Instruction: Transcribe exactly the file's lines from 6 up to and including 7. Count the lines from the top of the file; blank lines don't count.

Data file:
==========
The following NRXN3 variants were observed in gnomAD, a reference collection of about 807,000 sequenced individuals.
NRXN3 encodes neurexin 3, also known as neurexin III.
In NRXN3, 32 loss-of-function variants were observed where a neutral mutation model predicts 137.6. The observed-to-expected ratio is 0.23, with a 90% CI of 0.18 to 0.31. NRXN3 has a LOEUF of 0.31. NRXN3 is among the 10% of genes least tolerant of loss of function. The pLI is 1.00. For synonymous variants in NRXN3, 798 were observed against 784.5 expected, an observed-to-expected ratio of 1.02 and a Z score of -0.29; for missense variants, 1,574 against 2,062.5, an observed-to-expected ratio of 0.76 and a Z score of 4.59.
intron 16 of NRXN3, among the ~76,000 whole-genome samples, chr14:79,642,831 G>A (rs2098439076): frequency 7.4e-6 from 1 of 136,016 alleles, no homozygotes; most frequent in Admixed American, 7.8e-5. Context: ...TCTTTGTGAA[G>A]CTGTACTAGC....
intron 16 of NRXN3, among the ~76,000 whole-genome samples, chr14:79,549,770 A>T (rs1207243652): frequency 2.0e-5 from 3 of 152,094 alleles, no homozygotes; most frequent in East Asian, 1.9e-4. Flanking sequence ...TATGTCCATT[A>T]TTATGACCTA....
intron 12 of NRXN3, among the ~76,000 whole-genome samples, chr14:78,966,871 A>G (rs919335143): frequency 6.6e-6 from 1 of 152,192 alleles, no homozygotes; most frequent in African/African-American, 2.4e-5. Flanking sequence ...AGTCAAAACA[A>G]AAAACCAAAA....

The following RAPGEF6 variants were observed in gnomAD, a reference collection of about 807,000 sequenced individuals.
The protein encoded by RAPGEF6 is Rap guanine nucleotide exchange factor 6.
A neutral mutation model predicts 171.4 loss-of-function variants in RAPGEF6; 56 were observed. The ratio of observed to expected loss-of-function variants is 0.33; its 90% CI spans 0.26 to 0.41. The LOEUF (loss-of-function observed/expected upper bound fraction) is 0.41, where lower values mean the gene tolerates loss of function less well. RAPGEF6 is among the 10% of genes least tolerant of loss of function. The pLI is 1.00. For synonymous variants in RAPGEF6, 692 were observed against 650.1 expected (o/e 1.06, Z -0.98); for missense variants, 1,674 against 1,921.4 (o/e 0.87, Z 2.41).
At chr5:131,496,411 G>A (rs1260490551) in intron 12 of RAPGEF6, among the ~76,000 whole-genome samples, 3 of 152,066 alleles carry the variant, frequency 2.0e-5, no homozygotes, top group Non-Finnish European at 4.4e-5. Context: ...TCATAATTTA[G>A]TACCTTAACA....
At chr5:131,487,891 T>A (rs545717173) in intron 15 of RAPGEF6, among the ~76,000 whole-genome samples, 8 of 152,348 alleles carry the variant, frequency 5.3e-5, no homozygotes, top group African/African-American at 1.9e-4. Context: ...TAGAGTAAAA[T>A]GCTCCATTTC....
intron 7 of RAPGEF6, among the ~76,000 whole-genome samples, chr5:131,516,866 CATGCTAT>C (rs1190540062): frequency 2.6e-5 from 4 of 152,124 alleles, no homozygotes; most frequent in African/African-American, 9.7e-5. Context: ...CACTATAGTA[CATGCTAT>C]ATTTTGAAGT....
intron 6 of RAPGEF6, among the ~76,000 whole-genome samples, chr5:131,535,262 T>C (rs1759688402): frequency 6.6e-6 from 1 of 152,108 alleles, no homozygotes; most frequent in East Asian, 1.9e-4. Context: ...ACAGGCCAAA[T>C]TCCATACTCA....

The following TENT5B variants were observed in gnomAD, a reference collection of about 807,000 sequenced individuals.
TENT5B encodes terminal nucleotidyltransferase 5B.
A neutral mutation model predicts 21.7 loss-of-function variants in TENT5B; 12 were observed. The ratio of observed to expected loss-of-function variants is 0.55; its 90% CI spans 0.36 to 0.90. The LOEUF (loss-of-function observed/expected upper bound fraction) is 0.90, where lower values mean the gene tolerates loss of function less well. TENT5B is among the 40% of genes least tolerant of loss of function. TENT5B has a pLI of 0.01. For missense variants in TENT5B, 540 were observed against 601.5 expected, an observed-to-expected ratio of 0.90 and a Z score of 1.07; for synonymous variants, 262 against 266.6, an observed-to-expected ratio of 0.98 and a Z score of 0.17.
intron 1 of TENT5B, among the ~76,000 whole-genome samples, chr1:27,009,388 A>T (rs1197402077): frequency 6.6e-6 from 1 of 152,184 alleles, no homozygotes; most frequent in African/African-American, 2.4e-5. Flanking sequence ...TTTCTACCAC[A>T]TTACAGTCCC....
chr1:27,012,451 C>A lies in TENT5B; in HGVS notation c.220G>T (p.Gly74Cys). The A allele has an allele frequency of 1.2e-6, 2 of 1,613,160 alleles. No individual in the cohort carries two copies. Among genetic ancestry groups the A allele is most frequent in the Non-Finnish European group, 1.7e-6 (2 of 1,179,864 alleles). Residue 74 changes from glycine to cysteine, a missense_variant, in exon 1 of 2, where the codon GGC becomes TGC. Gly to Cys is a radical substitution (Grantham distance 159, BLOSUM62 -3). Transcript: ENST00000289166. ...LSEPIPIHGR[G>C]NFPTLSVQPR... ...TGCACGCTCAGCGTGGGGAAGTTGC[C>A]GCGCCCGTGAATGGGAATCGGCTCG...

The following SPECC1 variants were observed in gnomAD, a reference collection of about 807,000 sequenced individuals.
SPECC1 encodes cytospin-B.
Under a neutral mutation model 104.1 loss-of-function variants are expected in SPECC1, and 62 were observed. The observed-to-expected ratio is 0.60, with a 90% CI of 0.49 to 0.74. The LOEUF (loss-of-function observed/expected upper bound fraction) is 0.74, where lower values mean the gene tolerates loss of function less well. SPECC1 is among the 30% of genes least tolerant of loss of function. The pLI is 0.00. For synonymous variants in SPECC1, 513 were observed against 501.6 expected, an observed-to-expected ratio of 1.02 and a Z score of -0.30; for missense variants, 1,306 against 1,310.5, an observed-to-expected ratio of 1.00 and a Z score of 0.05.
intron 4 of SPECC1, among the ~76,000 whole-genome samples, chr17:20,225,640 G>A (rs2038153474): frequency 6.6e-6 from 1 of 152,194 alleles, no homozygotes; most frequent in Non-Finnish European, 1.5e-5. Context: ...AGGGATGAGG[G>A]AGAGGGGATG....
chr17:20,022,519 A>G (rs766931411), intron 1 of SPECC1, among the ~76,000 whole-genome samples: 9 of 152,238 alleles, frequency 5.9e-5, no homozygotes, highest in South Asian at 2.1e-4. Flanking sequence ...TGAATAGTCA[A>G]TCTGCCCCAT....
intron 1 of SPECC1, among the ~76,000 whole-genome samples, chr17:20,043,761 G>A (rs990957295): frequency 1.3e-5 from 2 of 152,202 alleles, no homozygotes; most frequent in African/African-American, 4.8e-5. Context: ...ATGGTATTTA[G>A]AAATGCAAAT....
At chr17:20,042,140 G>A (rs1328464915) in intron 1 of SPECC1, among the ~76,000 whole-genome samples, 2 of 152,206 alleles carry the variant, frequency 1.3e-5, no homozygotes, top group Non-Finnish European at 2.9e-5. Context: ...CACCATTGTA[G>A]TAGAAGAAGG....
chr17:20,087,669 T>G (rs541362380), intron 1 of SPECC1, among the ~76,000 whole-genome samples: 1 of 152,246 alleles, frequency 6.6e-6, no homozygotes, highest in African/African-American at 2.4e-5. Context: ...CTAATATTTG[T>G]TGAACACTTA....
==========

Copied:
intron 12 of NRXN3, among the ~76,000 whole-genome samples, chr14:78,966,871 A>G (rs919335143): frequency 6.6e-6 from 1 of 152,192 alleles, no homozygotes; most frequent in African/African-American, 2.4e-5. Flanking sequence ...AGTCAAAACA[A>G]AAAACCAAAA....

The following RAPGEF6 variants were observed in gnomAD, a reference collection of about 807,000 sequenced individuals.